Yiikes, This is an upsetting situation. Because he is so young, do you think that it is possible that he just truly does need his Mommy? From what you are saying it sounds like he is learning how to play the “get what I want game” while he is with you, but that is a lot of kids so very hard to know.
By now, you’ve been to the Counsellor and I’m hoping that you got some relief in knowing what to do. When my stepson was little, My DH and I went to multiple therapists because his bio-mom wouldn’t allow her son to go to one. In my state BOTH parents have to sign off on it for kids under 13. What we learned may not be relevant because his was 5 when we got together.
It is concerning that you feel he will be brainwashed by Bio-mom if he gets to spend more time with her. If that is the case, do you think it is already happening? Have you checked out the 2 recommended sites for learning about Parental Alienation Syndrome? There is a lot of free info and resources available through those sites. I would hope that the courts would support you if you made a temporary change in the custody for the best interest of the child…but what is that actually (vs him being manipulated?)
I’m also thinking about what’s best for the child and how to know the difference between true need and manipulation. (Clearly you’re thinking the same thing!)
There is one thing that I may be able to help you and your BF with, that is how to take care of yourselves. I believe kids of all ages can sense when we are at the of our emotional ropes. Here are a few ideas that may give you some relief. You may have also tried all of these things (not being much help to you sadly).
Have you tried this:
Get the “1,2,3 Magic” book by Thomas Phelan. He has many good ideas to stop the bad behavior without any yelling.
Start little age-able rituals that he can be apart of whenever he’s at your home. Things like, feeding the dog or cat, watering (or better yet) growing new plants, listing his Christmas or birthday wishes, planning the family birtjday parties by making a list of all the fin things, making crafts (can 3 year olds do crafts? Finger painting?). The point is to give him things to do that he looks forward to doing when he is with Dad. Weekend rituals, like going out to breakfast with Dad on Saturday (just the two of them) while you and your son, do something just the 2 of you that your son will love. Most kids really get into it and you can keep this up and simply change the events or topics as the boys get older.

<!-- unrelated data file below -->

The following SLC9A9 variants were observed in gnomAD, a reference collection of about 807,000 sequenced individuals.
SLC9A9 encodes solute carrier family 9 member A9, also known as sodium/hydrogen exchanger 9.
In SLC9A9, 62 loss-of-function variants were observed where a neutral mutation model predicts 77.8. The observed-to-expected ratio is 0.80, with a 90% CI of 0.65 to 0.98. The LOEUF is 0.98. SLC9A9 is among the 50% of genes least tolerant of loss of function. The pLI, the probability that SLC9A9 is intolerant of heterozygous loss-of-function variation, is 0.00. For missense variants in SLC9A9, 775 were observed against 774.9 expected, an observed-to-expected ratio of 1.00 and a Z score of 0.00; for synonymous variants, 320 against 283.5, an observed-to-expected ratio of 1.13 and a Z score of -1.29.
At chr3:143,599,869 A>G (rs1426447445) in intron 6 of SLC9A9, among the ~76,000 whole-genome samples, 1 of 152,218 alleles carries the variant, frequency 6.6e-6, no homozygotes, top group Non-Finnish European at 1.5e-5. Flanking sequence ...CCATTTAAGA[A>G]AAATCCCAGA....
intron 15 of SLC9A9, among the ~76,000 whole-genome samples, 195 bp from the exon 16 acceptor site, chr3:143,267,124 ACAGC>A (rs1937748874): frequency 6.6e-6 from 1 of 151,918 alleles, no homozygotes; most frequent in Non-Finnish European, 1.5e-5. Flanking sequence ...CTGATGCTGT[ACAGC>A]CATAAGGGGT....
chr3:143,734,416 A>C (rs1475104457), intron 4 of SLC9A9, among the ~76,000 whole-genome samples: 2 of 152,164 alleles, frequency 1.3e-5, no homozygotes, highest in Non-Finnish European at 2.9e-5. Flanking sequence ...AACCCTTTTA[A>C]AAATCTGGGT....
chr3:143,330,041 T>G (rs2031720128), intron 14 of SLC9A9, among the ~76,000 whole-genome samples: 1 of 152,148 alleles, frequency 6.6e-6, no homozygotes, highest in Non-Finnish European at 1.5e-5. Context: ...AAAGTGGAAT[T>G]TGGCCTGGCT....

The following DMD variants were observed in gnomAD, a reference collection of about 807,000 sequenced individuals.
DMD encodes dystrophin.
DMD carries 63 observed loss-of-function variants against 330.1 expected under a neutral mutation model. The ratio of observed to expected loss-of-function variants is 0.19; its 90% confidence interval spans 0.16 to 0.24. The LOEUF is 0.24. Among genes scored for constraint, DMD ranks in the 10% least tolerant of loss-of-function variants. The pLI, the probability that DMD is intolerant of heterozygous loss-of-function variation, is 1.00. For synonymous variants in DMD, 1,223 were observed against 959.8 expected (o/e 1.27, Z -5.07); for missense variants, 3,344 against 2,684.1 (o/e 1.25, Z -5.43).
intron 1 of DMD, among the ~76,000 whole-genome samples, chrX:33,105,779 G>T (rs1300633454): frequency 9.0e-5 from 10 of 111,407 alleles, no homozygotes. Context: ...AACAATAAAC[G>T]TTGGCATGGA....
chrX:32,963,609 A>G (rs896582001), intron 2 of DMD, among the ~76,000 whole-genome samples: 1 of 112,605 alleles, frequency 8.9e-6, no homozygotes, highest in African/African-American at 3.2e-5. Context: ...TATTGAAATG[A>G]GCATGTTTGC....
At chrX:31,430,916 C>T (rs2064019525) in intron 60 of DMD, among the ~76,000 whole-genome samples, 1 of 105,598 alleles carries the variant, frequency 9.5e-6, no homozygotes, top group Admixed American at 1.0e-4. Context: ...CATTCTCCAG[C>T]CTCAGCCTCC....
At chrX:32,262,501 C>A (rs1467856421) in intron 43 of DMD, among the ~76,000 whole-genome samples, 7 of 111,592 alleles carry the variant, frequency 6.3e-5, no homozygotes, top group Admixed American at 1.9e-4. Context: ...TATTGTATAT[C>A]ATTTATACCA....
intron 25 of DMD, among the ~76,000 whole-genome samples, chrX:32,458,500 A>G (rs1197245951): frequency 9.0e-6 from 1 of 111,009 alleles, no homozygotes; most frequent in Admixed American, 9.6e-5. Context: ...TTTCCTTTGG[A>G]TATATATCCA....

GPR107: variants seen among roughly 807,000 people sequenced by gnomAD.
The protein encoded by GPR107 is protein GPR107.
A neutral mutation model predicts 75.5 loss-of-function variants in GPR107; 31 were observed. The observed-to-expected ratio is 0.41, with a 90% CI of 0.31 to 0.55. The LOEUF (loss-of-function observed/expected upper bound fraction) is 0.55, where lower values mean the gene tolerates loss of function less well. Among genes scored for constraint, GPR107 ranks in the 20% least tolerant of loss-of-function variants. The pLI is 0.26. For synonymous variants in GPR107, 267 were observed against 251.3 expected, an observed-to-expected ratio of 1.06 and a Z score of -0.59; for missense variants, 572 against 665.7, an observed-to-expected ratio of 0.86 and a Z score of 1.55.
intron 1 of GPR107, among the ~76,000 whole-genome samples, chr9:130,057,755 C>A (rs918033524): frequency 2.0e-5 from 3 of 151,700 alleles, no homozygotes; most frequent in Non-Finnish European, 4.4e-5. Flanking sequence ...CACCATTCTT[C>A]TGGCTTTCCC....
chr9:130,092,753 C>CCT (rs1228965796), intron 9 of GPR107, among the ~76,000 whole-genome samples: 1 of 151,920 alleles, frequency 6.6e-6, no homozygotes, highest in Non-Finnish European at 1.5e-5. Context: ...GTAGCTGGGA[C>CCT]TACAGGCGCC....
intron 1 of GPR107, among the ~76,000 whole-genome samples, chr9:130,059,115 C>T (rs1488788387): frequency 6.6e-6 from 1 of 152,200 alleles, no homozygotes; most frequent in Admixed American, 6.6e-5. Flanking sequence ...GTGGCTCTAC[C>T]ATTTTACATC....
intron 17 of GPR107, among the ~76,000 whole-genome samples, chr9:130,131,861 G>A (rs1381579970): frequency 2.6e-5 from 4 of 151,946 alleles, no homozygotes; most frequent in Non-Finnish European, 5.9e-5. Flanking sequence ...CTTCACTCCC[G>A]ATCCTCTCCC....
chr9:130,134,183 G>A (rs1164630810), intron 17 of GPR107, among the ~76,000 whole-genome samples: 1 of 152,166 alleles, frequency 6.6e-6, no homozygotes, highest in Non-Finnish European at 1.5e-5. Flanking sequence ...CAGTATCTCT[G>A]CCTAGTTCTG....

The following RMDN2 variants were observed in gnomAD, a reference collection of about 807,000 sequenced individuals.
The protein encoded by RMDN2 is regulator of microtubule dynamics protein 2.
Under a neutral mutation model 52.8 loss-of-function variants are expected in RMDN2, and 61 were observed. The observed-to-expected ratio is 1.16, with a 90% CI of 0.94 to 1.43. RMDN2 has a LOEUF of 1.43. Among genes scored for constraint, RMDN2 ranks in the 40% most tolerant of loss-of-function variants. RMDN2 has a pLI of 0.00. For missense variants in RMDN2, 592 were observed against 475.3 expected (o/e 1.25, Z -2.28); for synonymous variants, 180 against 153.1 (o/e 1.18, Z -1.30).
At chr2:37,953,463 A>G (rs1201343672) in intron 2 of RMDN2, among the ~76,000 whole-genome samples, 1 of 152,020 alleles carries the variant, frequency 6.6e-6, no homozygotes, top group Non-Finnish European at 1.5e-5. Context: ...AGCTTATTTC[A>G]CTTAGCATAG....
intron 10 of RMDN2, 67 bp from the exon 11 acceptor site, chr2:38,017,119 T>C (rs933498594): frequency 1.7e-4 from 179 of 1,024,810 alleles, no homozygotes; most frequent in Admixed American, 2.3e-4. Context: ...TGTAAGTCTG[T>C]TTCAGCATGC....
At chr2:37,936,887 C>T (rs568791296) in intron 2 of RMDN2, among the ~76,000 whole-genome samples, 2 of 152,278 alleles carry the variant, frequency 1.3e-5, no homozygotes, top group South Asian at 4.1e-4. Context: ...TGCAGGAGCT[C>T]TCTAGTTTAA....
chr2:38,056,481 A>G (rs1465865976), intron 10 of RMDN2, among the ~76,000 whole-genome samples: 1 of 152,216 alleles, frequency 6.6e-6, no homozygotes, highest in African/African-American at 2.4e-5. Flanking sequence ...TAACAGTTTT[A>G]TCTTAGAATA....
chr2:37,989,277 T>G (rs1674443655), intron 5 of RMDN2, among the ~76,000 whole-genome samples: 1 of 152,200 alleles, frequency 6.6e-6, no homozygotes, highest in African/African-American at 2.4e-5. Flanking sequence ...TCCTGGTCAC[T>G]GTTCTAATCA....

Any extended Family who can become part of the comforting team (if that is what you feel he is needing? Aunts, Grandma’s, etc. getting more love is always a good thing but may do the trick. It may also break the “either/or” dynamic that hostile bio-moms try to create. If you bring in new friends or family it will not just be Mom or Dad. But when not with Mom, it could be Dad or SMOM or X or Y or Z when at Dad’s house. As your sson drinks in all the loving attention (because these people have not been exhausted by his antics) it can be good for all of you.
Any other 3 year olds he can become play date buddies with while he is at Dad’s? This increases his stimulation and interest, even at 3 according to the women who’ve talked to me about this.
Can your BF get it in writing that IF he gave his son more time at his Mom’s because it is deemed better for his well-being that it be made clear it is just temporary until he gets older and any sign of parental alienation will be strictly dealt with, etc? Seems being proactive about this could help assuage some of your BF’s nature fears. Parental Alienation is nothing to fool around with. I wish there were a provable law or test for this. Darn it all it is frustrating!
D, I wish you all well. Sorry to not be more helpful.
I’m glad you are on the site and I hope you are getting many more ideas from the SMOM Bio-moms on the board.
Very Best Wishes for helpful tactics to show up for you all, Cathryn